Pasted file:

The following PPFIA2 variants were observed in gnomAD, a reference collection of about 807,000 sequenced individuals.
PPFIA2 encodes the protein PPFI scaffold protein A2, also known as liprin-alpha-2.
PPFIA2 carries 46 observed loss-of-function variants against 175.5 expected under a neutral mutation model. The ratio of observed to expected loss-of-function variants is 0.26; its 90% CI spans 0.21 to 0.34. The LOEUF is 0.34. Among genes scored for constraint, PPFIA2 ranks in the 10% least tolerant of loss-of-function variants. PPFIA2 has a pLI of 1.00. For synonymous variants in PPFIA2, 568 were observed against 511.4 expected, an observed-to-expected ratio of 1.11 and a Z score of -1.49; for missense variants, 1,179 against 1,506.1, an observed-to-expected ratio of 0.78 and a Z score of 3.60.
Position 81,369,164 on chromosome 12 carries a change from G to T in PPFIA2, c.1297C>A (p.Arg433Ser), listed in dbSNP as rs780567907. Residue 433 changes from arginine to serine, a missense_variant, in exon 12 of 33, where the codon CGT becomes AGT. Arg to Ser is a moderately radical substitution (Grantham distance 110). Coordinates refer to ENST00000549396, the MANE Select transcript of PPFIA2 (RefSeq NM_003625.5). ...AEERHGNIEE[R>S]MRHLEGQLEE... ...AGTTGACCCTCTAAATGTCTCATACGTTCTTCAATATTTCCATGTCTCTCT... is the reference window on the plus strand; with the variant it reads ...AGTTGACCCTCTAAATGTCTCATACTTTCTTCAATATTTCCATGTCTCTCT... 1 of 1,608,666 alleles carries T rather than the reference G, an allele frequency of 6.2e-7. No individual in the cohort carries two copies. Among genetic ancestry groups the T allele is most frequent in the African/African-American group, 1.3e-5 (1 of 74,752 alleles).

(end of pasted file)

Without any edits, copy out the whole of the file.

The following PPFIA2 variants were observed in gnomAD, a reference collection of about 807,000 sequenced individuals.
PPFIA2 encodes the protein PPFI scaffold protein A2, also known as liprin-alpha-2.
PPFIA2 carries 46 observed loss-of-function variants against 175.5 expected under a neutral mutation model. The ratio of observed to expected loss-of-function variants is 0.26; its 90% CI spans 0.21 to 0.34. The LOEUF is 0.34. Among genes scored for constraint, PPFIA2 ranks in the 10% least tolerant of loss-of-function variants. PPFIA2 has a pLI of 1.00. For synonymous variants in PPFIA2, 568 were observed against 511.4 expected, an observed-to-expected ratio of 1.11 and a Z score of -1.49; for missense variants, 1,179 against 1,506.1, an observed-to-expected ratio of 0.78 and a Z score of 3.60.
Position 81,369,164 on chromosome 12 carries a change from G to T in PPFIA2, c.1297C>A (p.Arg433Ser), listed in dbSNP as rs780567907. Residue 433 changes from arginine to serine, a missense_variant, in exon 12 of 33, where the codon CGT becomes AGT. Arg to Ser is a moderately radical substitution (Grantham distance 110). Coordinates refer to ENST00000549396, the MANE Select transcript of PPFIA2 (RefSeq NM_003625.5). ...AEERHGNIEE[R>S]MRHLEGQLEE... ...AGTTGACCCTCTAAATGTCTCATACGTTCTTCAATATTTCCATGTCTCTCT... is the reference window on the plus strand; with the variant it reads ...AGTTGACCCTCTAAATGTCTCATACTTTCTTCAATATTTCCATGTCTCTCT... 1 of 1,608,666 alleles carries T rather than the reference G, an allele frequency of 6.2e-7. No individual in the cohort carries two copies. Among genetic ancestry groups the T allele is most frequent in the African/African-American group, 1.3e-5 (1 of 74,752 alleles).